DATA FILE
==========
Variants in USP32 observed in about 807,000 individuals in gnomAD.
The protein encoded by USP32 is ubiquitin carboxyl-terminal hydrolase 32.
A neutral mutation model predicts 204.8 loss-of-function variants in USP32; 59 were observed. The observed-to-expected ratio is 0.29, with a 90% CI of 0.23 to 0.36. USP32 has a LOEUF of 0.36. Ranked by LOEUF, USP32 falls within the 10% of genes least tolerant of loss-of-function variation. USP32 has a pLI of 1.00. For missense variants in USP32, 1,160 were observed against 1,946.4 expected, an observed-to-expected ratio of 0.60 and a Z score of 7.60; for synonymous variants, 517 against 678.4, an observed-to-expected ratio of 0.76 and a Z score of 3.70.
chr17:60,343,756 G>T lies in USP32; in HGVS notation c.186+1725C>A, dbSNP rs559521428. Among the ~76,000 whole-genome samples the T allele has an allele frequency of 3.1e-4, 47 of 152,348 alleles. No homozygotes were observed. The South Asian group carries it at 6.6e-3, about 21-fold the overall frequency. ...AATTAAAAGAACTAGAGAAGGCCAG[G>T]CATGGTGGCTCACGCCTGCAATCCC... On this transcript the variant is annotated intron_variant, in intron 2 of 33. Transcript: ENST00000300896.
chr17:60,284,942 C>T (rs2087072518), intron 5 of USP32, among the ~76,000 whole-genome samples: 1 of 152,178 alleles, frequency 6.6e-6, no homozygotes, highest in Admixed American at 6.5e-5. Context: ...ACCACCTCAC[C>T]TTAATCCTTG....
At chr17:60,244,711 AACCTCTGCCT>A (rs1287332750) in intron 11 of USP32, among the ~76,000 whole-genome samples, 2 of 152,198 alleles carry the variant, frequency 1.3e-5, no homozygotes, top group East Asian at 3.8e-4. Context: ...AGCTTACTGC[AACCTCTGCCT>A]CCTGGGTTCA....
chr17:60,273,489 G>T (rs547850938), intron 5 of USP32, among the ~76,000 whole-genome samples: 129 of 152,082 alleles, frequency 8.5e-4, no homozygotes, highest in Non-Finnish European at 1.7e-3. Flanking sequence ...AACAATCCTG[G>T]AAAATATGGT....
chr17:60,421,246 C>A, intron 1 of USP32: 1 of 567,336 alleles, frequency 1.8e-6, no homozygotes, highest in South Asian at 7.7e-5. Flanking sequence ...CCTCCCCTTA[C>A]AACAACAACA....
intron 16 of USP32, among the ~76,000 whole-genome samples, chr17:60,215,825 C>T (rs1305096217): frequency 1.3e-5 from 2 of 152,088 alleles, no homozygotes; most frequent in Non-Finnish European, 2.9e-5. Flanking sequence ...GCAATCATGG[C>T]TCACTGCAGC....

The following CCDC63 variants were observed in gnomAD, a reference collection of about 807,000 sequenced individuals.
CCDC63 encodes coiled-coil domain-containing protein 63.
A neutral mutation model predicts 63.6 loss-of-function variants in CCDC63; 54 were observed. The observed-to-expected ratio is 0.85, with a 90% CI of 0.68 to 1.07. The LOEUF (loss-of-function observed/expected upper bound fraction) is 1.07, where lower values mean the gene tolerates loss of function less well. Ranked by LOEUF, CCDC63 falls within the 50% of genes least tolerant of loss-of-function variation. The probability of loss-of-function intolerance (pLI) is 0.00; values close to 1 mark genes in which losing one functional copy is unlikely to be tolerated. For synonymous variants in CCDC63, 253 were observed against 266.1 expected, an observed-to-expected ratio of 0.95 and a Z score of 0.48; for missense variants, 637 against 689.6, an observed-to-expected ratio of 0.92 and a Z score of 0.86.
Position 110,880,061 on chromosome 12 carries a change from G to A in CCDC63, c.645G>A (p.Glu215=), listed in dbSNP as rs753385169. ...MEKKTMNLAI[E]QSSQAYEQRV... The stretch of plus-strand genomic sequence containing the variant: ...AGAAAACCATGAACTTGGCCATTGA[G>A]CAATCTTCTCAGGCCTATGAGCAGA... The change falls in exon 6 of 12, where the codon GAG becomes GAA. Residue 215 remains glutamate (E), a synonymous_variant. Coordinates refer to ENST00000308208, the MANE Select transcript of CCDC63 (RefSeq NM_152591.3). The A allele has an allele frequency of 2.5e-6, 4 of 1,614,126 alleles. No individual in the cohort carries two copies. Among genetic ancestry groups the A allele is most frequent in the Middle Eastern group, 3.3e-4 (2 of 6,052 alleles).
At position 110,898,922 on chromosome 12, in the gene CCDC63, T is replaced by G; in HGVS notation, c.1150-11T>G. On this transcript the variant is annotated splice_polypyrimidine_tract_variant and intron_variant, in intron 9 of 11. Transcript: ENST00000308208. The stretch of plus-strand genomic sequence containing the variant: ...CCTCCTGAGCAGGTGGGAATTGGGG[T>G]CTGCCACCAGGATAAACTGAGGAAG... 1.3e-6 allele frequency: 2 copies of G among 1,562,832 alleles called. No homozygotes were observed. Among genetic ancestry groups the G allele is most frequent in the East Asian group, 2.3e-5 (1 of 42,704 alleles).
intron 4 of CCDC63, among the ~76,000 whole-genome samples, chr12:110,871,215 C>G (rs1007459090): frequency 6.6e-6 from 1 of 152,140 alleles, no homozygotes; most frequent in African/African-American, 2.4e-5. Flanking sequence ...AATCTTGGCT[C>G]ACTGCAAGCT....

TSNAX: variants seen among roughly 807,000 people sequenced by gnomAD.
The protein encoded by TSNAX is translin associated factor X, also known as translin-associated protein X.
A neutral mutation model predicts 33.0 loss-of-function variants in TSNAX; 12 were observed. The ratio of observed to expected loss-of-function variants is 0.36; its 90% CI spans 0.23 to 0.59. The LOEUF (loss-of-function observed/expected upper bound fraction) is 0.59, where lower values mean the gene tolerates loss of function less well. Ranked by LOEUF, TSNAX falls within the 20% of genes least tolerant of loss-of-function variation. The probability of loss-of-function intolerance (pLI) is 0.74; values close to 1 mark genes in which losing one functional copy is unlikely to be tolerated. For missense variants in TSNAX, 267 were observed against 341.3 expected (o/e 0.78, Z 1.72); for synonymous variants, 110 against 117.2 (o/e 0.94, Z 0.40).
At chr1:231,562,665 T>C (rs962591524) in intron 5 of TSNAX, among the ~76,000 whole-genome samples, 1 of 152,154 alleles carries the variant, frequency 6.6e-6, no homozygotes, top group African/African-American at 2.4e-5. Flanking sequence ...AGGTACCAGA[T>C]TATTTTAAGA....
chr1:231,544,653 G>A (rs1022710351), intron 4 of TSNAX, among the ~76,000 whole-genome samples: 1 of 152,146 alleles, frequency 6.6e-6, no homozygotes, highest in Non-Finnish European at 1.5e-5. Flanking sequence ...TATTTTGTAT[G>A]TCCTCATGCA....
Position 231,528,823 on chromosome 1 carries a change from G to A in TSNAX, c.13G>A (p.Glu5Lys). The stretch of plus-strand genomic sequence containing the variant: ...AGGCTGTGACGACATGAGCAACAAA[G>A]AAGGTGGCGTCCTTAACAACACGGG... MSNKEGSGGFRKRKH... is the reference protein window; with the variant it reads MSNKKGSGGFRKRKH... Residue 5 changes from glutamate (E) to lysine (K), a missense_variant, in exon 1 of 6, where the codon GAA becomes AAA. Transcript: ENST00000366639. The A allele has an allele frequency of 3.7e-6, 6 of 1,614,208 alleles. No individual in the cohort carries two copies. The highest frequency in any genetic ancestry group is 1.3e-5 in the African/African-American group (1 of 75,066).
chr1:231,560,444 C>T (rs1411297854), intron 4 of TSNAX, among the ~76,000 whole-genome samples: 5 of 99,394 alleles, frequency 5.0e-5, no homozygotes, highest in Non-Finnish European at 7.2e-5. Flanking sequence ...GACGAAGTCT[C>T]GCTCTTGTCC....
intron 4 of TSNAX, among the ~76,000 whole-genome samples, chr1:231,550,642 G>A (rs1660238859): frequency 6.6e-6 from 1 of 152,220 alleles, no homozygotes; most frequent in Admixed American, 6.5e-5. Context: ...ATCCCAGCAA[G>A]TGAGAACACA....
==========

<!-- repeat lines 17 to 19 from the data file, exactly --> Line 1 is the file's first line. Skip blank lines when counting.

The protein encoded by TSNAX is translin associated factor X, also known as translin-associated protein X.
A neutral mutation model predicts 33.0 loss-of-function variants in TSNAX; 12 were observed. The ratio of observed to expected loss-of-function variants is 0.36; its 90% CI spans 0.23 to 0.59. The LOEUF (loss-of-function observed/expected upper bound fraction) is 0.59, where lower values mean the gene tolerates loss of function less well. Ranked by LOEUF, TSNAX falls within the 20% of genes least tolerant of loss-of-function variation. The probability of loss-of-function intolerance (pLI) is 0.74; values close to 1 mark genes in which losing one functional copy is unlikely to be tolerated. For missense variants in TSNAX, 267 were observed against 341.3 expected (o/e 0.78, Z 1.72); for synonymous variants, 110 against 117.2 (o/e 0.94, Z 0.40).
At chr1:231,562,665 T>C (rs962591524) in intron 5 of TSNAX, among the ~76,000 whole-genome samples, 1 of 152,154 alleles carries the variant, frequency 6.6e-6, no homozygotes, top group African/African-American at 2.4e-5. Flanking sequence ...AGGTACCAGA[T>C]TATTTTAAGA....